"Evil" is a concept that can defined in a number of ways, from theological (evil as discussed in the Bible) or to describe acts so atrocious that "evil" seems an appropriate description. For purposes of discussion, this answer will focus on the latter use of the word.
It is hard to argue that Stalin and Hitler were not evil. Stalin ruled the Soviet Union for roughly 28 years. The exact figure is difficult to calculate because, between the 1924 death of Lenin, founder of the Soviet state, and Stalin's consolidation of total power, several years later, he wielded tremendous influence inside the Kremlin. Once his position was consolidated, which involved the murder of all potential rivals for power, Stalin carried out policies that resulted in millions of death either directly through mass executions or indirectly through imprisonment under brutal conditions and polices of forced collectivization that similarly resulted in many deaths. [Historians like Robert Conquest and retired Russian Army General Dmitri Volkogonov put the number of dead directly or indirectly attributable to Stalin's policies at 20 million.]
Similarly, Adoph Hitler can fairly be categorized as "evil" in that he advocated and oversaw the systematic murder of six million European Jews and millions more homosexuals, mentally handicapped Germans, Romas (Gypsies), and others. Hitler initiated a war that devastated much of Europe. That his actions were premeditated can be surmised by reading the book he authored while imprisoned for attempting a coup against the German government. In that book, "Mein Kampf" ("My Struggle"), Hitler was very explicit in why he believed Jews were a dangerous, threatening presence in Germany and Europe, and why they needed to be dealt with harshly.
Notions that the kinds of evil perpetrated by Stalin and Hitler had seen their end of days were crushed when a communist insurgency toppled the government of Cambodia in 1975. That insurgency was inspired by a political movement led by Pol Pot and called "Khmer Rouge." By the time the Khmer Rouge were driven from power by the invading Vietnamese, some two million Cambodians had been killed as a direct result of Pol Pot's policies, most tortured and worked to death, others executed for appearing to have been educated and, hence, posing a threat to the revolution. Khmer Rouge policies involved driving entire populations out of Cambodia's cities and forcing the people to work the fields in ill-conceived agricultural policies grounded in the notion that history had begun anew and that the Cambodian revolution began Year Zero.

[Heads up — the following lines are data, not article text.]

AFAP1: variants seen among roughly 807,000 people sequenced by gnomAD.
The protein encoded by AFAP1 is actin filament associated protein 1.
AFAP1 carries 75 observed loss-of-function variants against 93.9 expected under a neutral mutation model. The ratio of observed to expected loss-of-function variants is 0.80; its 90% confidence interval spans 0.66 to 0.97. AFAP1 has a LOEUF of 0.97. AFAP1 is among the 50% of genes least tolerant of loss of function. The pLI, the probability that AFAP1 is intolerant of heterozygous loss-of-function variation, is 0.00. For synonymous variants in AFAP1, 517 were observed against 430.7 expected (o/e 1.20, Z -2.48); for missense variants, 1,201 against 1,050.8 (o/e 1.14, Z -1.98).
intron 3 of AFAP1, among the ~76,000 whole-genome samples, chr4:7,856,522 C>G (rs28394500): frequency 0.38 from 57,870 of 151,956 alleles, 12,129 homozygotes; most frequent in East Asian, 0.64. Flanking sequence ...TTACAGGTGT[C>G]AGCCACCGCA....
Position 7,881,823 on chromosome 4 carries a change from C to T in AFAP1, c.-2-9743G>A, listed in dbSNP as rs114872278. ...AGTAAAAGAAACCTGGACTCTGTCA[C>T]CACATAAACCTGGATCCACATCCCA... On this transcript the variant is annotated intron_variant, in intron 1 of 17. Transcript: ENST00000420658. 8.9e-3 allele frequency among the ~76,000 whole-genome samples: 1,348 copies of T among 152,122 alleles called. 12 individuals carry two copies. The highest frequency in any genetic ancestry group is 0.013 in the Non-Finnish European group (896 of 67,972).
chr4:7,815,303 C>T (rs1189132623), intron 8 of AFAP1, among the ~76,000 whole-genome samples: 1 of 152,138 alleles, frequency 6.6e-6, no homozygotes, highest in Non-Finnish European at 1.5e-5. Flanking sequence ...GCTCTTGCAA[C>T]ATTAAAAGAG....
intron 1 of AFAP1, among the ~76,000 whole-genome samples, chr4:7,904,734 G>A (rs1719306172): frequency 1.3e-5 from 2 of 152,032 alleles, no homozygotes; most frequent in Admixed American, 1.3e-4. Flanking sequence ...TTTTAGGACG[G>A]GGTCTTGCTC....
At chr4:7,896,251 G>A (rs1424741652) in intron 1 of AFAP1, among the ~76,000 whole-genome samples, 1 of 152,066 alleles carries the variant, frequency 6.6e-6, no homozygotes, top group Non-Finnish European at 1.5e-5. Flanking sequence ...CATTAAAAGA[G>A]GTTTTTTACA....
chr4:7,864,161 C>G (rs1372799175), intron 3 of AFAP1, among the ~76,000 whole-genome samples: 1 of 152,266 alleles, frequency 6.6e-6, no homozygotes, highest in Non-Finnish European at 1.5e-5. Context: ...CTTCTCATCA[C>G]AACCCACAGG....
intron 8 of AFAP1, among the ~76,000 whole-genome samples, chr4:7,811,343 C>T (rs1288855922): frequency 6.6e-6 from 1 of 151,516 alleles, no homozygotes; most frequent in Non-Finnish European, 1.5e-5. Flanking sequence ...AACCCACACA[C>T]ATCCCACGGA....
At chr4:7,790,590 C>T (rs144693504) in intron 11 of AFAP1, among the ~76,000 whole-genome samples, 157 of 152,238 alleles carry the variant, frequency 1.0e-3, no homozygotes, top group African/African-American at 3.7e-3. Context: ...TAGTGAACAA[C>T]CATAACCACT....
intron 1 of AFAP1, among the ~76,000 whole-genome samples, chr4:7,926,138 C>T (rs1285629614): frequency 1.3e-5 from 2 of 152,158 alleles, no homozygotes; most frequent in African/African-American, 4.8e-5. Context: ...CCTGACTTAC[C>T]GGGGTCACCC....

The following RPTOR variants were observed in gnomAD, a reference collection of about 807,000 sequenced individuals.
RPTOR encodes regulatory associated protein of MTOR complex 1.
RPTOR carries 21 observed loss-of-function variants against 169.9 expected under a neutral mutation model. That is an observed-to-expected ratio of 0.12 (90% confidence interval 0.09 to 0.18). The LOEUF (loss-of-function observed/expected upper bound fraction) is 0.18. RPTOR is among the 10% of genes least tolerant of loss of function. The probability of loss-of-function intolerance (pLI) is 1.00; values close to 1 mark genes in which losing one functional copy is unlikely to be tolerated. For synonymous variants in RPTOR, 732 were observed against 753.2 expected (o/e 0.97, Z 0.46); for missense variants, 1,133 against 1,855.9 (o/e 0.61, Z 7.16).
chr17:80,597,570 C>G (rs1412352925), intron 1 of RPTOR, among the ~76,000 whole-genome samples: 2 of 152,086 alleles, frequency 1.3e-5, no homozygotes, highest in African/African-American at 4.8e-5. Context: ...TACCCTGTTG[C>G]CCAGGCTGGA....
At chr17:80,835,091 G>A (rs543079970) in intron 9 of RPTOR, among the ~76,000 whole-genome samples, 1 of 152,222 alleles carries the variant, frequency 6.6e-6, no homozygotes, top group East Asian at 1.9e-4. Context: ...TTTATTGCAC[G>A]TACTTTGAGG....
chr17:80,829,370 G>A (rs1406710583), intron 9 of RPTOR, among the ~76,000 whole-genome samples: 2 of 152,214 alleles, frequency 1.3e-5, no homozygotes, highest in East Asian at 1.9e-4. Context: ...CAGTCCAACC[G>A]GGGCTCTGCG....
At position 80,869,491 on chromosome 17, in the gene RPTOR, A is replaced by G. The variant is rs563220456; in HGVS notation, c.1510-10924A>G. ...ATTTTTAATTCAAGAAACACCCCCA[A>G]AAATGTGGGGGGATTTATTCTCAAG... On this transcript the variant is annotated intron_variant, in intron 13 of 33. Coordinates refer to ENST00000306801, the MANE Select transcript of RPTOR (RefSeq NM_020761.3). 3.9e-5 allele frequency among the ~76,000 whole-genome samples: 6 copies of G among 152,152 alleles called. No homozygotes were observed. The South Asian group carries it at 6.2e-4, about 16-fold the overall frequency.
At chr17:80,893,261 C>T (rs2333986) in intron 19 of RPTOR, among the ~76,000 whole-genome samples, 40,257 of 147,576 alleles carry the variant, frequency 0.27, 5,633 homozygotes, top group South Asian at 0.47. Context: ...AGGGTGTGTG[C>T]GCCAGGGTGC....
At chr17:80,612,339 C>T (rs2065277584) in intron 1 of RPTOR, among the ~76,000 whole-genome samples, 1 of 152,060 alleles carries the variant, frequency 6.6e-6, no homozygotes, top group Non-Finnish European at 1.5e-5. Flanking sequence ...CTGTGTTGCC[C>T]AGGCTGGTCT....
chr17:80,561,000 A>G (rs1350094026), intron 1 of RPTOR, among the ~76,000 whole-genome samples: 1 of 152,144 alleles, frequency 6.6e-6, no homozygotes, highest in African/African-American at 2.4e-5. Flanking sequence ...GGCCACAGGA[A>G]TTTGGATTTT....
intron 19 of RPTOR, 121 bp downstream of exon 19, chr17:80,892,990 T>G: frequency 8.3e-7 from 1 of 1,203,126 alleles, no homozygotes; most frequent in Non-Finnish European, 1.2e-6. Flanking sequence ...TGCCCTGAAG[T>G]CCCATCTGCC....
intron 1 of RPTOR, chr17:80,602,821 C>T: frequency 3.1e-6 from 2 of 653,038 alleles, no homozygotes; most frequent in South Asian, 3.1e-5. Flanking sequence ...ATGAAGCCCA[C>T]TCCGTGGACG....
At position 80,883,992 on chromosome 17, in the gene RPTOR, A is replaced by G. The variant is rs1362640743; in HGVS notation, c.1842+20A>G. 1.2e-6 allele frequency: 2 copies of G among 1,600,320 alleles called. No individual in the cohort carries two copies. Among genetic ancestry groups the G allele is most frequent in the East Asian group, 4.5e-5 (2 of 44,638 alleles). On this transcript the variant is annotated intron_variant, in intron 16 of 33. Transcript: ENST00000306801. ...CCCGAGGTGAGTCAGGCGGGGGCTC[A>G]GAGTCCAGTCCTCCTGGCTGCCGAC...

In 1994, the sudden death of the president of Rwanda in a plane crash precipitated yet another instance of 20th Century genocide when the majority Hutu tribe began massacring the minority Tutsi, who had governed the country until then. Hundreds of thousands of Tutsi and moderate Hutu died. Whether this constituted "evil" is open for discussion, but some have no problem suggesting Hutu leaders who called for attacks on Tutsis were evil.
Some sources, in addition to the linkages below:
Robert Conquest, "The Great Terror"
Adoph Hitler, "Mein Kampf"
Nawuth Keat and Martha Kendall, "Alive in the Killing Fields: Surviving the Khmer Rouge Genocide"
Philip Gourevitch, "We wish to Inform You That Tomorrow You Will Be Killed With Your Families: Stories from Rwanda"
Alan Bullock, "Hitler and Stalin: Parallel Lives"
My contribution would be to challenge the premise: How are we defining “evil” – arbitrary executions, attempted genocide, gulags, -- how? To what degree is the term subjective, and what are some examples of Western cultures that have been accepted but could be seen as “evil”? I am thinking of slavery, colonialism, and especially religious persecutions such as the Inquisition. What America did to those of Japanese descent during WWII (indeed, the atomic bombs on Hiroshima and Nagasaki) could all be viewed as evils committed by a political power. I’m not suggesting that Hitler and Stalin weren’t evil; I’m just saying that your essay should include a paragraph on definition, and at least a discussion of these other “candidates.”